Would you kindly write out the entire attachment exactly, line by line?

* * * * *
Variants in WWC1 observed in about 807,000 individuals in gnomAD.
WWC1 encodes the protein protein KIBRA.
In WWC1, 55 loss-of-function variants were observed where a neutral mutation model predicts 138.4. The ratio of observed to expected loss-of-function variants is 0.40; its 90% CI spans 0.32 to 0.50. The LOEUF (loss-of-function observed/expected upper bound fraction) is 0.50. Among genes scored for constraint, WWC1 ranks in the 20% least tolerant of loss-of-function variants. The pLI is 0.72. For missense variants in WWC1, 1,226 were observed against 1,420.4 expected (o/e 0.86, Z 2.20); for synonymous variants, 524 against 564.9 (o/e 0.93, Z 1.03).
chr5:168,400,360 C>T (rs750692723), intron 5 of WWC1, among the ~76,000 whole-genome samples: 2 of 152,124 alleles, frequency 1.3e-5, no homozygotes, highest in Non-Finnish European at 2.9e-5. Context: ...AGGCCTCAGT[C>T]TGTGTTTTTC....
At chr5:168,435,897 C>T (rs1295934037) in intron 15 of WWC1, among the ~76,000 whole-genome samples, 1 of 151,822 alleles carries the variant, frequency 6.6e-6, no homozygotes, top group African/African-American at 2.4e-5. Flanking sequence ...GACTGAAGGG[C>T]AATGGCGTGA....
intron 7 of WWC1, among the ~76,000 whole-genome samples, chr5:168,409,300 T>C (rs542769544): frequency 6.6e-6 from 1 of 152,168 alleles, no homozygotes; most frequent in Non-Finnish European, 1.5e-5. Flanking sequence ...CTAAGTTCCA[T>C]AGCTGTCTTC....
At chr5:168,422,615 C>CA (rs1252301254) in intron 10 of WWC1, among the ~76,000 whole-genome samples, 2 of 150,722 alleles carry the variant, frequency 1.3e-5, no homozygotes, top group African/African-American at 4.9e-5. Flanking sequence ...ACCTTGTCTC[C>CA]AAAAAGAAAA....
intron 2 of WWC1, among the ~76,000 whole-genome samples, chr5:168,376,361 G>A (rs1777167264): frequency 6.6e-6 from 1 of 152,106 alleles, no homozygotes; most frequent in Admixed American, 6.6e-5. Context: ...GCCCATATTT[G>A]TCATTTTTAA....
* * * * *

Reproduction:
Variants in WWC1 observed in about 807,000 individuals in gnomAD.
WWC1 encodes the protein protein KIBRA.
In WWC1, 55 loss-of-function variants were observed where a neutral mutation model predicts 138.4. The ratio of observed to expected loss-of-function variants is 0.40; its 90% CI spans 0.32 to 0.50. The LOEUF (loss-of-function observed/expected upper bound fraction) is 0.50. Among genes scored for constraint, WWC1 ranks in the 20% least tolerant of loss-of-function variants. The pLI is 0.72. For missense variants in WWC1, 1,226 were observed against 1,420.4 expected (o/e 0.86, Z 2.20); for synonymous variants, 524 against 564.9 (o/e 0.93, Z 1.03).
chr5:168,400,360 C>T (rs750692723), intron 5 of WWC1, among the ~76,000 whole-genome samples: 2 of 152,124 alleles, frequency 1.3e-5, no homozygotes, highest in Non-Finnish European at 2.9e-5. Context: ...AGGCCTCAGT[C>T]TGTGTTTTTC....
At chr5:168,435,897 C>T (rs1295934037) in intron 15 of WWC1, among the ~76,000 whole-genome samples, 1 of 151,822 alleles carries the variant, frequency 6.6e-6, no homozygotes, top group African/African-American at 2.4e-5. Flanking sequence ...GACTGAAGGG[C>T]AATGGCGTGA....
intron 7 of WWC1, among the ~76,000 whole-genome samples, chr5:168,409,300 T>C (rs542769544): frequency 6.6e-6 from 1 of 152,168 alleles, no homozygotes; most frequent in Non-Finnish European, 1.5e-5. Flanking sequence ...CTAAGTTCCA[T>C]AGCTGTCTTC....
At chr5:168,422,615 C>CA (rs1252301254) in intron 10 of WWC1, among the ~76,000 whole-genome samples, 2 of 150,722 alleles carry the variant, frequency 1.3e-5, no homozygotes, top group African/African-American at 4.9e-5. Flanking sequence ...ACCTTGTCTC[C>CA]AAAAAGAAAA....
intron 2 of WWC1, among the ~76,000 whole-genome samples, chr5:168,376,361 G>A (rs1777167264): frequency 6.6e-6 from 1 of 152,106 alleles, no homozygotes; most frequent in Admixed American, 6.6e-5. Context: ...GCCCATATTT[G>A]TCATTTTTAA....